Browse

You are looking at 1 - 10 of 10 items for :

  • Teaching and Learning Instruction x
  • Problem Solving x
  • Refine by Access: All content x
Clear All
Restricted access

Lincoln Peirce

A cartoon involving presidential birth dates is coupled with a full-page activity sheet.

Restricted access

Stephanie M. Butman

Research on students' learning has made it clear that learning happens through an interaction with others and through communication. In the classroom, the more students talk and discuss their ideas, the more they learn. However, within a one-hour period, it is hard to give everyone an equal opportunity to talk and share their ideas. Organizing students in groups distributes classroom talk more widely and equitably (Cohen and Lotan 1997).

Restricted access

Joel Amidon and Matt Roscoe

A monthly set of problems is aimed at a variety of ability levels.

Restricted access

Joel Amidon and Matt Roscoe

A monthly set of problems is aimed at a variety of ability levels.

Restricted access

Maryl Gearhart and Geoffrey B. Saxe

Try these methods for integrating diverse learners.

Restricted access

Terri L. Kurz

People who lay tile for a living use mathematics every day to decide how much tile, grout, and other supplies are required to complete each job. Measurement and geometry are an integral part of designing tile patterns. Collections of short activities focus on a monthly theme that includes four activities each for grade bands K–2, 3–4, and 5–6 and aims for an inquiry or problem-solving orientation.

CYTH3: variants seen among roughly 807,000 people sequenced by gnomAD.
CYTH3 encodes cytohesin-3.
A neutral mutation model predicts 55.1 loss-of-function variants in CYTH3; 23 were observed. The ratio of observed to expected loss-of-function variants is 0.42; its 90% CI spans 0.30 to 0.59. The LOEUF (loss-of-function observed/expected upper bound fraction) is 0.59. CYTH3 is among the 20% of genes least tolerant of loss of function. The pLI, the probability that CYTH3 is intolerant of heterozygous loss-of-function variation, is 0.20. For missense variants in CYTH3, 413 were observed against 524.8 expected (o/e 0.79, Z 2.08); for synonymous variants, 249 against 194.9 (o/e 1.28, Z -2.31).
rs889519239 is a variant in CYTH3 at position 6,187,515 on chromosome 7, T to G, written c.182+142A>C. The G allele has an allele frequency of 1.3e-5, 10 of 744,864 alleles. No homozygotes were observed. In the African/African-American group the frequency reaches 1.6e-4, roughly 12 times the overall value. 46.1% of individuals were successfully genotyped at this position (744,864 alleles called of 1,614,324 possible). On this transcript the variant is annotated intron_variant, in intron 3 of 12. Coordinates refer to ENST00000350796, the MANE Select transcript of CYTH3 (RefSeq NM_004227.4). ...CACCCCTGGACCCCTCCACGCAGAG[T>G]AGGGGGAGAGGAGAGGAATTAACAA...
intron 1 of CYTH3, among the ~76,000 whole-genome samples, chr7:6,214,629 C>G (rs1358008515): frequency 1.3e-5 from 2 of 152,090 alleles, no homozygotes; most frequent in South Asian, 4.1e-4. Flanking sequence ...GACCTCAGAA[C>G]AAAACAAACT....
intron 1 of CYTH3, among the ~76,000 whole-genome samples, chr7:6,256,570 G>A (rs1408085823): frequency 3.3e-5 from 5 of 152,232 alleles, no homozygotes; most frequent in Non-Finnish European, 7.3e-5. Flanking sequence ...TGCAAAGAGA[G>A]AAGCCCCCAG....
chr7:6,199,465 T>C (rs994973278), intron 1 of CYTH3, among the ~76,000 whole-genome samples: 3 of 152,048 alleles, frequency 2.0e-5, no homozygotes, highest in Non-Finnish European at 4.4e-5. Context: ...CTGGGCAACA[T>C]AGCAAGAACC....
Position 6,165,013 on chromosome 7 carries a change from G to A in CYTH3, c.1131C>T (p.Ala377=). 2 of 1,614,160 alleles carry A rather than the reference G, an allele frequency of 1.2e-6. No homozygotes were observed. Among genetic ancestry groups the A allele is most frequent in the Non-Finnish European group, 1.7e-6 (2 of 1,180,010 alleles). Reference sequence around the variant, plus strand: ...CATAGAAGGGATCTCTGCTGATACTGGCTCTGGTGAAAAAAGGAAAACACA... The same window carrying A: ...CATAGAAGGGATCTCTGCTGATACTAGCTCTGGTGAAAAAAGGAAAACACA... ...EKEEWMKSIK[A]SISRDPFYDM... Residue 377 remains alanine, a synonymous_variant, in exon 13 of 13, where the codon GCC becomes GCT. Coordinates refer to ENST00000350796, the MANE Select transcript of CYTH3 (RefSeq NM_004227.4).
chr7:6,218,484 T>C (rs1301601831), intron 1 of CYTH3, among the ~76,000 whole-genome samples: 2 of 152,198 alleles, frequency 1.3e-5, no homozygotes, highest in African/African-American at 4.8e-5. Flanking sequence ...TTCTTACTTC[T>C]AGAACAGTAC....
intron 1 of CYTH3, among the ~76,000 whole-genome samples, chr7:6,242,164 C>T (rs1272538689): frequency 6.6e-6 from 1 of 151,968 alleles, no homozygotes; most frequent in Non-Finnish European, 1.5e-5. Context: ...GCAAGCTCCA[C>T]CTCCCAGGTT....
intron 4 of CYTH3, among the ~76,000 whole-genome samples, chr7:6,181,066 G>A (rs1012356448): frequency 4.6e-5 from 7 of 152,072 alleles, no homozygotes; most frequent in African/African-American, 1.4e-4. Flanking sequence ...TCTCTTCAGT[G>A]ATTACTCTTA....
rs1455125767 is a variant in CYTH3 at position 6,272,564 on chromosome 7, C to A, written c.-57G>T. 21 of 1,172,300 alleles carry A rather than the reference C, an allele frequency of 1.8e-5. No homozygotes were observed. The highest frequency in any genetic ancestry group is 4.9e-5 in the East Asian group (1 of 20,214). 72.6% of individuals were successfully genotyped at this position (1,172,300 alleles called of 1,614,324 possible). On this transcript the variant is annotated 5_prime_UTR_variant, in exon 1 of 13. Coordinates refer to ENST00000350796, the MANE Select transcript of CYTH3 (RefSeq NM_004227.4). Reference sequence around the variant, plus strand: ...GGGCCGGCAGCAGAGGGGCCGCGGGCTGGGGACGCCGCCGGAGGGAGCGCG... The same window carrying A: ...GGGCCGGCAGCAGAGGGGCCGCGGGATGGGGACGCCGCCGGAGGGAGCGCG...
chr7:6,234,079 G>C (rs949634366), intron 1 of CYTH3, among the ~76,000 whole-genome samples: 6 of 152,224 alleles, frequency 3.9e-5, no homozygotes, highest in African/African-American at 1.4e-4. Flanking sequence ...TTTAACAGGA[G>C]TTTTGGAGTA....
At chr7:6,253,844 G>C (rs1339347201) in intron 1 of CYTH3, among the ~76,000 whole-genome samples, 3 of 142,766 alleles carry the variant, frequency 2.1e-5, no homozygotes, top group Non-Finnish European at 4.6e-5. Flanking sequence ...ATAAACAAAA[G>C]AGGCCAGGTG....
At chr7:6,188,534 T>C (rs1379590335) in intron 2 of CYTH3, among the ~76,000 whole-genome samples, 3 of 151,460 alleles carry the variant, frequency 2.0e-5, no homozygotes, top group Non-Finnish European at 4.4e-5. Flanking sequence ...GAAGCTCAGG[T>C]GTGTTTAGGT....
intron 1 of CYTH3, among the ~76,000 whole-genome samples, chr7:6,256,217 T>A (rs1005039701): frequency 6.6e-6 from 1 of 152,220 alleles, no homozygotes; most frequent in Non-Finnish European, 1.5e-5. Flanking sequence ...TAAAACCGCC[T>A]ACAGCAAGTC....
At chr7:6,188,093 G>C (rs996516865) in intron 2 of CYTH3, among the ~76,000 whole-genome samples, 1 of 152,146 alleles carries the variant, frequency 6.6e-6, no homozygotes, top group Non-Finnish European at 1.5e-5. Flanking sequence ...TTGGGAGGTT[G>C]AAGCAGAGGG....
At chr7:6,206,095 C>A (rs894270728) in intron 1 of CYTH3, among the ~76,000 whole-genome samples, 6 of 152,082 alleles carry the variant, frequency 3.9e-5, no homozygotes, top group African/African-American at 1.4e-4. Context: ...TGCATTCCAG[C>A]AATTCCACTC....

Restricted access

Joe Champion and Ann Wheeler

A classic manipulative, used since the 1960s, continues to offer opportunities for intriguing problem solving involving proportions.

Restricted access

Dana C. Cox and Michael Todd Edwards

How do middle school students interpret the phrase “two sizes too small”? Examining students' responses will re-form your thinking about teaching similarity and using nonstandard shapes.

Restricted access

Pamela Edwards Johnson, Melissa Campet, Kelsey Gaber, and Emma Zuidema

Three preservice teachers used virtual manipulatives during clinical interviews with students of elementary school age. The technology exposed students' problem-solving strategies and mathematical understanding, promoting just-in-time teaching about the target content. The process of completing and reflecting on the interviews contributed to growth of the preservice teachers' technological pedagogical content knowledge.

Restricted access

Sue McMillen and Beth McMillen

Connecting stories to qualitative coordinate graphs has been suggested as an effective instructional strategy (Blubaugh and Emmons 1999; Maus 2005; NCTM 2000). Even students who are able to create bar graphs may struggle to correctly interpret them. Giving children opportunities to work with qualitative graphs can help them develop the skills to interpret, describe, and compare information from a graph even without the availability of numeric labels. This investigation addresses the Data Analysis and Probability Standard (NCTM 2000) and explores the value of connecting stories with qualitative bar graph instruction, which too often focuses on only counting, tallying, and creating bar graphs.